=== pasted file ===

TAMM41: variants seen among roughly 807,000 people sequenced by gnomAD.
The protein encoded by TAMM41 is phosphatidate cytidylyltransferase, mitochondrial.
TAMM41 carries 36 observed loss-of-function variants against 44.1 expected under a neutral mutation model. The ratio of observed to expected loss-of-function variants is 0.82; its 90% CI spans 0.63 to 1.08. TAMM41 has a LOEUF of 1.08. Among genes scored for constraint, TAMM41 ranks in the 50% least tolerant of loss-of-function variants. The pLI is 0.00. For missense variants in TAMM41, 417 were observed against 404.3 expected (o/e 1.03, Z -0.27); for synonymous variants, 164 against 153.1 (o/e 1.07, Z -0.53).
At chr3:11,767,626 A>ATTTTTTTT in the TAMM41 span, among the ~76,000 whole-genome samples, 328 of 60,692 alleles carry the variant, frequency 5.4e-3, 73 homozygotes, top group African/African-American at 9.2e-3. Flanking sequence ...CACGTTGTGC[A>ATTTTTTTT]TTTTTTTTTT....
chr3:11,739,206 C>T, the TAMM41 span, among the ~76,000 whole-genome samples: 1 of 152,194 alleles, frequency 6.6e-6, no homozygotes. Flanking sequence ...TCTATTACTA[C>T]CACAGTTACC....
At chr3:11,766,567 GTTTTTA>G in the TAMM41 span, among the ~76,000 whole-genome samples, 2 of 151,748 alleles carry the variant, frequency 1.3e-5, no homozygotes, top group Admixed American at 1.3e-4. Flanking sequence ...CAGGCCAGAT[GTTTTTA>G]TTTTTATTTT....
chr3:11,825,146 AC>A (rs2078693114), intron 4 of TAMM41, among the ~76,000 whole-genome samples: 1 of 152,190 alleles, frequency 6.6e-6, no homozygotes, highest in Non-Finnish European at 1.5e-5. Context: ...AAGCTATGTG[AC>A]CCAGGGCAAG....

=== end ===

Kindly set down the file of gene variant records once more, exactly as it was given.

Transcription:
TAMM41: variants seen among roughly 807,000 people sequenced by gnomAD.
The protein encoded by TAMM41 is phosphatidate cytidylyltransferase, mitochondrial.
TAMM41 carries 36 observed loss-of-function variants against 44.1 expected under a neutral mutation model. The ratio of observed to expected loss-of-function variants is 0.82; its 90% CI spans 0.63 to 1.08. TAMM41 has a LOEUF of 1.08. Among genes scored for constraint, TAMM41 ranks in the 50% least tolerant of loss-of-function variants. The pLI is 0.00. For missense variants in TAMM41, 417 were observed against 404.3 expected (o/e 1.03, Z -0.27); for synonymous variants, 164 against 153.1 (o/e 1.07, Z -0.53).
At chr3:11,767,626 A>ATTTTTTTT in the TAMM41 span, among the ~76,000 whole-genome samples, 328 of 60,692 alleles carry the variant, frequency 5.4e-3, 73 homozygotes, top group African/African-American at 9.2e-3. Flanking sequence ...CACGTTGTGC[A>ATTTTTTTT]TTTTTTTTTT....
chr3:11,739,206 C>T, the TAMM41 span, among the ~76,000 whole-genome samples: 1 of 152,194 alleles, frequency 6.6e-6, no homozygotes. Flanking sequence ...TCTATTACTA[C>T]CACAGTTACC....
At chr3:11,766,567 GTTTTTA>G in the TAMM41 span, among the ~76,000 whole-genome samples, 2 of 151,748 alleles carry the variant, frequency 1.3e-5, no homozygotes, top group Admixed American at 1.3e-4. Flanking sequence ...CAGGCCAGAT[GTTTTTA>G]TTTTTATTTT....
chr3:11,825,146 AC>A (rs2078693114), intron 4 of TAMM41, among the ~76,000 whole-genome samples: 1 of 152,190 alleles, frequency 6.6e-6, no homozygotes, highest in Non-Finnish European at 1.5e-5. Context: ...AAGCTATGTG[AC>A]CCAGGGCAAG....